• Upgrade and modernisation of Perc Tucker Galley
  • Ferry terminal options, ferry stops upstream to new stadium and other locations
  • Pedestrian linkages – shaded and green walkways

The report sets out the next steps for action:

  • Document new master plan with architectural overlays
  • Develop overlay of funding models and scenarios based on council endorsed projects
  • Understand the Council funding available for delivery of projects
  • Develop projects briefs, concept designs and budgets for all proposed activation projects
  • Seek Federal, State Government funding for Indigenous Arts and Cultural Centre
  • Commence negotiations for the Stadium site hotel development
  • Negotiate with Cowboys on the Centre of Excellence & Rehabilitation
  • Begin design and discussions with Crystal Lagoons to enable concept design of Strand Lagoon.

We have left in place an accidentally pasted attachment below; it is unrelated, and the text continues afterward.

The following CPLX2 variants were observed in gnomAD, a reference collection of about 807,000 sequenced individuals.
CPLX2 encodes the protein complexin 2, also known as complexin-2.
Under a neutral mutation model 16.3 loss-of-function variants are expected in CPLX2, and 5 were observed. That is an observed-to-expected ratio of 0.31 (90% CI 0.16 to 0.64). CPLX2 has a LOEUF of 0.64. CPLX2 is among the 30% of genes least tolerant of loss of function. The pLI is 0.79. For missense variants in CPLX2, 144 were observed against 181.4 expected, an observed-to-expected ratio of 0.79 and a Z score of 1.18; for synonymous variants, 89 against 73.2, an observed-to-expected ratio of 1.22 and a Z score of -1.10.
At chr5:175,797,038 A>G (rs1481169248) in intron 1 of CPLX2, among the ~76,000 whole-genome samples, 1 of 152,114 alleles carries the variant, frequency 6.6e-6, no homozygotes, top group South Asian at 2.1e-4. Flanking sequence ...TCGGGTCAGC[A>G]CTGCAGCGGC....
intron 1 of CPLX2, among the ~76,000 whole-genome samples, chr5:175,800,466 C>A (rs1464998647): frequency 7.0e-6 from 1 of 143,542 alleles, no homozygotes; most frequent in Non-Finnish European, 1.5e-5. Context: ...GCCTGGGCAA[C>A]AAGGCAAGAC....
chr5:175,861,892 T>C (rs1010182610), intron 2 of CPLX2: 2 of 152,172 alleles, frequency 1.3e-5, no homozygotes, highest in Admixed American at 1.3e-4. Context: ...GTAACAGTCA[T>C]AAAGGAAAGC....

More from Nathan Toll

Family Values at heart of Art Fair

North Queensland’s largest celebration of Aboriginal and Torres Strait Islander arts and...
Read More

7 Comments

  • Very well put together Nathan,some interesting facts and even more interesting comments.Good Luck with a top story!

  • Love this article, so true. You only need scratch the surface of our city to find a range of events and organisations that provide entertainment and things to do. Keep ranting / spreading the word Nathan Townsville is not just footie, fishing and flinders east!

  • I read your article with interest. Everyone has an opinion and it will vary depending on your lifestyle and age. We love North Queensland and living in Townsville. The climate, activities and size are just right for us. Since we came here 30 years ago there have been a lot of changes – some good some not so good. That will keep on happening. The pollies never get it right according to some even though we put them there.
    All I can say is if you don’t like certain aspects do something about them or go somewhere else. I’ll be staying here in beautiful NQ.